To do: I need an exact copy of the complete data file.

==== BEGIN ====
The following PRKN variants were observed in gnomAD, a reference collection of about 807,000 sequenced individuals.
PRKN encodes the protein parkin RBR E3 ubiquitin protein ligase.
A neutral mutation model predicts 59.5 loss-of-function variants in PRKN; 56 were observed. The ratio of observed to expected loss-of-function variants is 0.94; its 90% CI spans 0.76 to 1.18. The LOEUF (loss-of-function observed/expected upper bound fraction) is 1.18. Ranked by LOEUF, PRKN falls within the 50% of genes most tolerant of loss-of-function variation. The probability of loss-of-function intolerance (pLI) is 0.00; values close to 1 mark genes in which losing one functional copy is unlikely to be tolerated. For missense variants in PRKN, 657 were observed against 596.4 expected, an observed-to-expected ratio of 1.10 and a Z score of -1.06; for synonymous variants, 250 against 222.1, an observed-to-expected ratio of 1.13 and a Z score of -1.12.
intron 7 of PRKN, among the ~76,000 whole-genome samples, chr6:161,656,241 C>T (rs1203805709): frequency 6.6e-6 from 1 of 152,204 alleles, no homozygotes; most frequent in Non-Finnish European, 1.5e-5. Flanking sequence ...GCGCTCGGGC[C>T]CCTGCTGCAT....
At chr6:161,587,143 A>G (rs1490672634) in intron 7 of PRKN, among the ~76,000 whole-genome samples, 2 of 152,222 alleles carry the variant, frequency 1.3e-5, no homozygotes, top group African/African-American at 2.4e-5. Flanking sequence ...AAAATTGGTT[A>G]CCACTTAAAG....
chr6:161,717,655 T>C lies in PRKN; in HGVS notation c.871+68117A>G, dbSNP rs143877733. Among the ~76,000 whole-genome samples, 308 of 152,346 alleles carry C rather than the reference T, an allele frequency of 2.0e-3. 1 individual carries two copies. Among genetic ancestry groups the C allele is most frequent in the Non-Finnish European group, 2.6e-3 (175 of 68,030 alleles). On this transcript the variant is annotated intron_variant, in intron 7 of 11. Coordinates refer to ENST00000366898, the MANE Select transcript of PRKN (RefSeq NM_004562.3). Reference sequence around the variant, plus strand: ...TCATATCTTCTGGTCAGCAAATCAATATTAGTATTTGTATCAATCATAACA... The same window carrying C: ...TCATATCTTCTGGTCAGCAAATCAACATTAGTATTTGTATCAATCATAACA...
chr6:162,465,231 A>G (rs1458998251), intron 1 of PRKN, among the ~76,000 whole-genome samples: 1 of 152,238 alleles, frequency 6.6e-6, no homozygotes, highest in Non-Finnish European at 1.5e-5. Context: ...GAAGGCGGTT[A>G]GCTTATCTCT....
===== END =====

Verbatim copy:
The following PRKN variants were observed in gnomAD, a reference collection of about 807,000 sequenced individuals.
PRKN encodes the protein parkin RBR E3 ubiquitin protein ligase.
A neutral mutation model predicts 59.5 loss-of-function variants in PRKN; 56 were observed. The ratio of observed to expected loss-of-function variants is 0.94; its 90% CI spans 0.76 to 1.18. The LOEUF (loss-of-function observed/expected upper bound fraction) is 1.18. Ranked by LOEUF, PRKN falls within the 50% of genes most tolerant of loss-of-function variation. The probability of loss-of-function intolerance (pLI) is 0.00; values close to 1 mark genes in which losing one functional copy is unlikely to be tolerated. For missense variants in PRKN, 657 were observed against 596.4 expected, an observed-to-expected ratio of 1.10 and a Z score of -1.06; for synonymous variants, 250 against 222.1, an observed-to-expected ratio of 1.13 and a Z score of -1.12.
intron 7 of PRKN, among the ~76,000 whole-genome samples, chr6:161,656,241 C>T (rs1203805709): frequency 6.6e-6 from 1 of 152,204 alleles, no homozygotes; most frequent in Non-Finnish European, 1.5e-5. Flanking sequence ...GCGCTCGGGC[C>T]CCTGCTGCAT....
At chr6:161,587,143 A>G (rs1490672634) in intron 7 of PRKN, among the ~76,000 whole-genome samples, 2 of 152,222 alleles carry the variant, frequency 1.3e-5, no homozygotes, top group African/African-American at 2.4e-5. Flanking sequence ...AAAATTGGTT[A>G]CCACTTAAAG....
chr6:161,717,655 T>C lies in PRKN; in HGVS notation c.871+68117A>G, dbSNP rs143877733. Among the ~76,000 whole-genome samples, 308 of 152,346 alleles carry C rather than the reference T, an allele frequency of 2.0e-3. 1 individual carries two copies. Among genetic ancestry groups the C allele is most frequent in the Non-Finnish European group, 2.6e-3 (175 of 68,030 alleles). On this transcript the variant is annotated intron_variant, in intron 7 of 11. Coordinates refer to ENST00000366898, the MANE Select transcript of PRKN (RefSeq NM_004562.3). Reference sequence around the variant, plus strand: ...TCATATCTTCTGGTCAGCAAATCAATATTAGTATTTGTATCAATCATAACA... The same window carrying C: ...TCATATCTTCTGGTCAGCAAATCAACATTAGTATTTGTATCAATCATAACA...
chr6:162,465,231 A>G (rs1458998251), intron 1 of PRKN, among the ~76,000 whole-genome samples: 1 of 152,238 alleles, frequency 6.6e-6, no homozygotes, highest in Non-Finnish European at 1.5e-5. Context: ...GAAGGCGGTT[A>G]GCTTATCTCT....